Additional Conditions for Distributed Partitioned Views For distributed partitioned views when one or more member tables are remote , the following additional conditions apply: A distributed transaction will be started to guarantee atomicity across all nodes affected by the update.
Any columns in remote tables of type smallmoney that are referenced in a partitioned view are mapped as money. Therefore, the corresponding columns in the same ordinal position in the select list in the local tables must also be of type money. Under database compatibility level and higher, any columns in remote tables of type smalldatetime that are referenced in a partitioned view are mapped as smalldatetime.
Corresponding columns in the same ordinal position in the select list in the local tables must be smalldatetime. This is a change in behavior from earlier versions of SQL Server in which any columns in remote tables of type smalldatetime that are referenced in a partitioned view are mapped as datetime and corresponding columns in local tables must be of type datetime. Any linked server in the partitioned view cannot be a loopback linked server. This is a linked server that points to the same instance of SQL Server.
When the member tables and partitioned view definition are in place, the SQL Server query optimizer builds intelligent plans that use queries efficiently to access data from member tables. With the CHECK constraint definitions, the query processor maps the distribution of key values across the member tables. When a user issues a query, the query processor compares the map to the values specified in the WHERE clause, and builds an execution plan with a minimal amount of data transfer between member servers.
Therefore, although some member tables may be located in remote servers, the instance of SQL Server resolves distributed queries so that the amount of distributed data that has to be transferred is minimal.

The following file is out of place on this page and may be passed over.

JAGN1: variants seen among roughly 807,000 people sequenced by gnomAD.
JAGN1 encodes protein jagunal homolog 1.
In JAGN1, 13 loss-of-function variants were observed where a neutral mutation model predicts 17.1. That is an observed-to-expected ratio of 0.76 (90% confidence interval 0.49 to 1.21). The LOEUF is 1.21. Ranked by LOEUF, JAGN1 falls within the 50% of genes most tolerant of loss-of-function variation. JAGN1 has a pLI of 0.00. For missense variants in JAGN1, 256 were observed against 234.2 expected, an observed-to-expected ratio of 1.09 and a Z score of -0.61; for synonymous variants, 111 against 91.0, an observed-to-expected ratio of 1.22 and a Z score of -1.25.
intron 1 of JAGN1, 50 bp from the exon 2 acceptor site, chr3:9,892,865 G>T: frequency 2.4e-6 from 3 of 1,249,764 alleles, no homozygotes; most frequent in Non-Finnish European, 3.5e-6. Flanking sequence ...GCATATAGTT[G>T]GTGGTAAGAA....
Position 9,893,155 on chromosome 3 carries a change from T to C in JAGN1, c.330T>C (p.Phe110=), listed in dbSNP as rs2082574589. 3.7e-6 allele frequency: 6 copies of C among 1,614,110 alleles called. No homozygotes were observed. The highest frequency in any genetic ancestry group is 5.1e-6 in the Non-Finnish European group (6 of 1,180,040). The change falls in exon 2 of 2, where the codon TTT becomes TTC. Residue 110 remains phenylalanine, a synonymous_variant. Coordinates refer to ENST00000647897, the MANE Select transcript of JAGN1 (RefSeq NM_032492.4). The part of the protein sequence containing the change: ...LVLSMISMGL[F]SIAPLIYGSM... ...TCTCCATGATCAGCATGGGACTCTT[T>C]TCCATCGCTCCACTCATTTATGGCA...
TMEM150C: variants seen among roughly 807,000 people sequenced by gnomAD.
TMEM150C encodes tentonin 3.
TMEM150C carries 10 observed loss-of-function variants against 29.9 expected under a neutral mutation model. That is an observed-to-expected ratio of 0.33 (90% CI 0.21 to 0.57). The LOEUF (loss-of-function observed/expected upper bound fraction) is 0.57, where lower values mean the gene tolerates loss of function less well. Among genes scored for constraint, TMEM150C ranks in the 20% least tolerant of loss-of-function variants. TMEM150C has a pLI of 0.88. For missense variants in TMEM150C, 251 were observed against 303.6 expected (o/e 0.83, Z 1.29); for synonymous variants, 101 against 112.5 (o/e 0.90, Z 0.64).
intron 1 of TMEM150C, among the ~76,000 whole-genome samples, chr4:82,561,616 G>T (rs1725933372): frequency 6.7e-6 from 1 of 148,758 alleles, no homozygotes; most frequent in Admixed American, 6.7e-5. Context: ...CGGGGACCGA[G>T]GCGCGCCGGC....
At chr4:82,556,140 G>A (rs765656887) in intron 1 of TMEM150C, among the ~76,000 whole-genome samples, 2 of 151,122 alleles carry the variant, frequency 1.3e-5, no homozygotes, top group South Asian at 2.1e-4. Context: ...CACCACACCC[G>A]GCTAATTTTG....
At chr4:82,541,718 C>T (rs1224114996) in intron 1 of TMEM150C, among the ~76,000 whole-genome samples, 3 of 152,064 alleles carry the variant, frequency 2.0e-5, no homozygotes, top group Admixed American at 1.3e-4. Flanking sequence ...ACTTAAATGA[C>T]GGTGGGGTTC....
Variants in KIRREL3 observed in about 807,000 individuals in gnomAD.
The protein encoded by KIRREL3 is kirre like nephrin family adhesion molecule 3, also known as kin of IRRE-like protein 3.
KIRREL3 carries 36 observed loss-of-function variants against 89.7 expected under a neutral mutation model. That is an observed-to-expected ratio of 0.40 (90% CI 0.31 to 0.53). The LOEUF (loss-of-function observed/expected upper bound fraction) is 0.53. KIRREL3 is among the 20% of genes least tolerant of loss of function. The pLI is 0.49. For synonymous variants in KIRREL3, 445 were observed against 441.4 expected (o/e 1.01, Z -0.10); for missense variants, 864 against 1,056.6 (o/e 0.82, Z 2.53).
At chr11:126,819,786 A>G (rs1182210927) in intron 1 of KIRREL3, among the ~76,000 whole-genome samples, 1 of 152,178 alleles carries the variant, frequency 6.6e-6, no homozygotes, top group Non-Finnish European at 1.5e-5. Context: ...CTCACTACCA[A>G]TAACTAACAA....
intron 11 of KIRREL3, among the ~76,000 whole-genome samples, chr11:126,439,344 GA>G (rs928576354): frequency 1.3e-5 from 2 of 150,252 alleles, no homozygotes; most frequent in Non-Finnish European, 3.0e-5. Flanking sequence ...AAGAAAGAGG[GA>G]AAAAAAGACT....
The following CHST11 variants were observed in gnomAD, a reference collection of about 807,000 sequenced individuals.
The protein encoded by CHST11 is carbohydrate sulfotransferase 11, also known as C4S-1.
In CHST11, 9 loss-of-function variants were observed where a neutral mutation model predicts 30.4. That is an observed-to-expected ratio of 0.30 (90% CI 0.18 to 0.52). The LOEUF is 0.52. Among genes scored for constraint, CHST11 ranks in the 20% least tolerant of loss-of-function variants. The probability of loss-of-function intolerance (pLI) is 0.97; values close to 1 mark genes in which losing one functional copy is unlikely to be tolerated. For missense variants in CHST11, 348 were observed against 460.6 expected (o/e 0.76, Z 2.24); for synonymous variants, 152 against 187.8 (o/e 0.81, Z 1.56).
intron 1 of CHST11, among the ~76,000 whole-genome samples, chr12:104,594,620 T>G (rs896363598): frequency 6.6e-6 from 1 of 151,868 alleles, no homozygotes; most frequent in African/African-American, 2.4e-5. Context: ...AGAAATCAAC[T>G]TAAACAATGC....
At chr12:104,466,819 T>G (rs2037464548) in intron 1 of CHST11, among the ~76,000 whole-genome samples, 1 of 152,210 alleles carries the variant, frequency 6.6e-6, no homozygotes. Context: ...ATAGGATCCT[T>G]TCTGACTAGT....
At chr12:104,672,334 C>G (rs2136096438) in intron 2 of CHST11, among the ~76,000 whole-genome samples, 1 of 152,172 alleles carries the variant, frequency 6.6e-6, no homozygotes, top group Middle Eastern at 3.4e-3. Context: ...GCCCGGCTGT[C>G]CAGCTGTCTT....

Considerations for Replication To create partitioned views on member tables that are involved in replication, the following considerations apply: If the underlying tables are involved in merge replication or transactional replication with updating subscriptions, the uniqueidentifier column should also be included in the select list.
The replication of updates made by using the view is the same as when tables are replicated in two different databases: A simple view is helpful when a combination of columns is queried frequently. The data from this view comes from the HumanResources. Person tables of the AdventureWorks database. The data provides name and hire date information for the employees of Adventure Works Cycles. The view could be created for the person in charge of tracking work anniversaries but without giving this person access to all the data in these tables.
Person AS p ON e. Person p ON p. BusinessEntityAddress bea ON bea. Address a ON a. StateProvince sp ON sp. Using built-in functions within a view The following example shows a view definition that includes a built-in function.
When you use functions, you must specify a column name for the derived column. Creating a simple view The following example creates a view by selecting only some of the columns from the source table. The results of the join query populate the view. SalesTerritoryKey ; See Also.